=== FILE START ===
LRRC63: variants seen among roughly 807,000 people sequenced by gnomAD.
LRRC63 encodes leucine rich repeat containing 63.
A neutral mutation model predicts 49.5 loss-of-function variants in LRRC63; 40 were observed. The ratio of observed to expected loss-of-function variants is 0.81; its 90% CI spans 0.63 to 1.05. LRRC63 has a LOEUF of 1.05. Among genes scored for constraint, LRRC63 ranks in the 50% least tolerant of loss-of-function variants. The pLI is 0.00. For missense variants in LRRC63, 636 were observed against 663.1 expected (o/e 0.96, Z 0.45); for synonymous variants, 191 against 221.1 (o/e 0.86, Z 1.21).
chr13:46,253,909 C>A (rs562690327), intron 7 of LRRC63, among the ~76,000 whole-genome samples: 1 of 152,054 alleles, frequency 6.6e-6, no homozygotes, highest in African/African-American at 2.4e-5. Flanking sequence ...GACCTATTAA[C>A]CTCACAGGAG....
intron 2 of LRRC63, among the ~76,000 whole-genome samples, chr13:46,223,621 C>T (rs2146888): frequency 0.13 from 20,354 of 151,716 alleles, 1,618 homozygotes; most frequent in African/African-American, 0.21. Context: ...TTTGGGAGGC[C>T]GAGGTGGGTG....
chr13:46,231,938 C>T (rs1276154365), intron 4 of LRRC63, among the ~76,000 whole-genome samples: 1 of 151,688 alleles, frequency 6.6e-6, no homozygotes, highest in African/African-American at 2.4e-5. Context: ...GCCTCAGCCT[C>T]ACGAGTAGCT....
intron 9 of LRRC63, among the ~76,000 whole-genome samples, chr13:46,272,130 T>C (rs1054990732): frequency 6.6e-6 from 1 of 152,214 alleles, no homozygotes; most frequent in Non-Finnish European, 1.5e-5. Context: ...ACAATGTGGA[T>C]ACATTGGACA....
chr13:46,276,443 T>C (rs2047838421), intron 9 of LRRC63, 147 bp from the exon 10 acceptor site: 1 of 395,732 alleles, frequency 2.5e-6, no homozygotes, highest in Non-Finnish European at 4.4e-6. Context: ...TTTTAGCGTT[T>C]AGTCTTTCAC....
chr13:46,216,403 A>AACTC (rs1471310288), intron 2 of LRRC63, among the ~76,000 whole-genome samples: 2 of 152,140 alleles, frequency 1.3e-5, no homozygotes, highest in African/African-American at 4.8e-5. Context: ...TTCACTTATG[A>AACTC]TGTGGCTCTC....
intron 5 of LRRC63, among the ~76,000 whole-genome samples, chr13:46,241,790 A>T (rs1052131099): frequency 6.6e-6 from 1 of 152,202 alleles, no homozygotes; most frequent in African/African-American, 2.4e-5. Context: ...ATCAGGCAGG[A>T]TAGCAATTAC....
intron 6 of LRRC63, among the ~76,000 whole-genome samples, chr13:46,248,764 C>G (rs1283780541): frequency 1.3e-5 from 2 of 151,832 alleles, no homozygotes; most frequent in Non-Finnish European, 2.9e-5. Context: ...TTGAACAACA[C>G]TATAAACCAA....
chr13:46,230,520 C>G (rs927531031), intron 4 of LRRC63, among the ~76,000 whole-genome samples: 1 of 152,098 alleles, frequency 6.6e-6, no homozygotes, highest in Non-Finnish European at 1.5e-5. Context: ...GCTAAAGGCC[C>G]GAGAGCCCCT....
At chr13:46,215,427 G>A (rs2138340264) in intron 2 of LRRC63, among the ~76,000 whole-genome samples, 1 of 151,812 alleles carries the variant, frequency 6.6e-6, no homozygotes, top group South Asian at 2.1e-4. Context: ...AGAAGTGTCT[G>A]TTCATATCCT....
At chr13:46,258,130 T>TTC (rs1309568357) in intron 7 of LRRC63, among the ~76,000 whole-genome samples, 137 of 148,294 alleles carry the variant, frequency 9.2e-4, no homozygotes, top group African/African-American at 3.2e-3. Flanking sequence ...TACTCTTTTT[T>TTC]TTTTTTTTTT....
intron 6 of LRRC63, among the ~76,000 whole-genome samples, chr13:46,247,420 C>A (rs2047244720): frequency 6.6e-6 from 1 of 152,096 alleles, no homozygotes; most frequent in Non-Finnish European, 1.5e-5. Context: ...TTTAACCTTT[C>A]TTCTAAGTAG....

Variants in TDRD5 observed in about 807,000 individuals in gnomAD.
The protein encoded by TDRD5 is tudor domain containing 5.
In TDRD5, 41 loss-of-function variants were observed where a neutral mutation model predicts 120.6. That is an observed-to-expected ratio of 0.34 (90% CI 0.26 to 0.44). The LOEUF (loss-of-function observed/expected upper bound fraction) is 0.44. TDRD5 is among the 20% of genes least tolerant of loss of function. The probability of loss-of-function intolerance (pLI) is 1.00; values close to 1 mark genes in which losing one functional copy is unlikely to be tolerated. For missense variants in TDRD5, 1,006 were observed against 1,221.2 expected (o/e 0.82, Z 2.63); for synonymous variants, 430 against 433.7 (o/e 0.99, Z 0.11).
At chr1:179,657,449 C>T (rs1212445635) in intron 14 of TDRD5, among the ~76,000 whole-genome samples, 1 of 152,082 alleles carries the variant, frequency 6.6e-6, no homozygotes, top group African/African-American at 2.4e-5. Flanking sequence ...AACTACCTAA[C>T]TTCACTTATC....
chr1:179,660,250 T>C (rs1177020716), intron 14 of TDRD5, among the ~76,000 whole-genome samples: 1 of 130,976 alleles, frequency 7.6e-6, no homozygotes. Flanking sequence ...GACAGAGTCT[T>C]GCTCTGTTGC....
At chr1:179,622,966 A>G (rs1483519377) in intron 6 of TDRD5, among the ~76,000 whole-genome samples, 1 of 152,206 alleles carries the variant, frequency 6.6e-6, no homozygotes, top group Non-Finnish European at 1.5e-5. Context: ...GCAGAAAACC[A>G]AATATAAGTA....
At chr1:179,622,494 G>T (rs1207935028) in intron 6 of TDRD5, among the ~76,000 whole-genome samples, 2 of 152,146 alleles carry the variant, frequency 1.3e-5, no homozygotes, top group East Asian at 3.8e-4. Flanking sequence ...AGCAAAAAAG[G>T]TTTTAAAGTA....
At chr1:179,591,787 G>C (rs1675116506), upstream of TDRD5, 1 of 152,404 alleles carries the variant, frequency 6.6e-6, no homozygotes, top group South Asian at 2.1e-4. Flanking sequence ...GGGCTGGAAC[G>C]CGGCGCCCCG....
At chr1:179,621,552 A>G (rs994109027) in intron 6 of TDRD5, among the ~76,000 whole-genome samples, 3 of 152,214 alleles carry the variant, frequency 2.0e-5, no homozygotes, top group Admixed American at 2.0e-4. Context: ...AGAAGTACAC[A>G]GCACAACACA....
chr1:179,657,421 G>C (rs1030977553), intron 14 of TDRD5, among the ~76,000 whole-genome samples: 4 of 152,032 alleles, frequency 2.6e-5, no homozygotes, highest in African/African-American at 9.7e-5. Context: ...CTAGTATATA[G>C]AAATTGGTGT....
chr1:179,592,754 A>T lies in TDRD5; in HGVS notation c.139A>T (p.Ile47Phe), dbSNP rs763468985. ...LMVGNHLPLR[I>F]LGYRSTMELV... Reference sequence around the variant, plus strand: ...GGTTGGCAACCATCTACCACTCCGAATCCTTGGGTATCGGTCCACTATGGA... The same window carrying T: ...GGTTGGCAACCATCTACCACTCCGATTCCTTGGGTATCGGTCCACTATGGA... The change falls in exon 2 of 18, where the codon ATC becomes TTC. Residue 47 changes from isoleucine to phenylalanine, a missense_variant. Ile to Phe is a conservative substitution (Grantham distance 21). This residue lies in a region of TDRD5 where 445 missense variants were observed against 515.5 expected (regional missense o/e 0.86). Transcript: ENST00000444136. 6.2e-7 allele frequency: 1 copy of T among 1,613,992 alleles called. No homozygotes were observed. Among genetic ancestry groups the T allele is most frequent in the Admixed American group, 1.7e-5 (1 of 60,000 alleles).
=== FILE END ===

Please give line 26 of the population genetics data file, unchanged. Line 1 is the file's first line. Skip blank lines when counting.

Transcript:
chr1:179,592,754 A>T lies in TDRD5; in HGVS notation c.139A>T (p.Ile47Phe), dbSNP rs763468985. ...LMVGNHLPLR[I>F]LGYRSTMELV... Reference sequence around the variant, plus strand: ...GGTTGGCAACCATCTACCACTCCGAATCCTTGGGTATCGGTCCACTATGGA... The same window carrying T: ...GGTTGGCAACCATCTACCACTCCGATTCCTTGGGTATCGGTCCACTATGGA... The change falls in exon 2 of 18, where the codon ATC becomes TTC. Residue 47 changes from isoleucine to phenylalanine, a missense_variant. Ile to Phe is a conservative substitution (Grantham distance 21). This residue lies in a region of TDRD5 where 445 missense variants were observed against 515.5 expected (regional missense o/e 0.86). Transcript: ENST00000444136. 6.2e-7 allele frequency: 1 copy of T among 1,613,992 alleles called. No homozygotes were observed. Among genetic ancestry groups the T allele is most frequent in the Admixed American group, 1.7e-5 (1 of 60,000 alleles).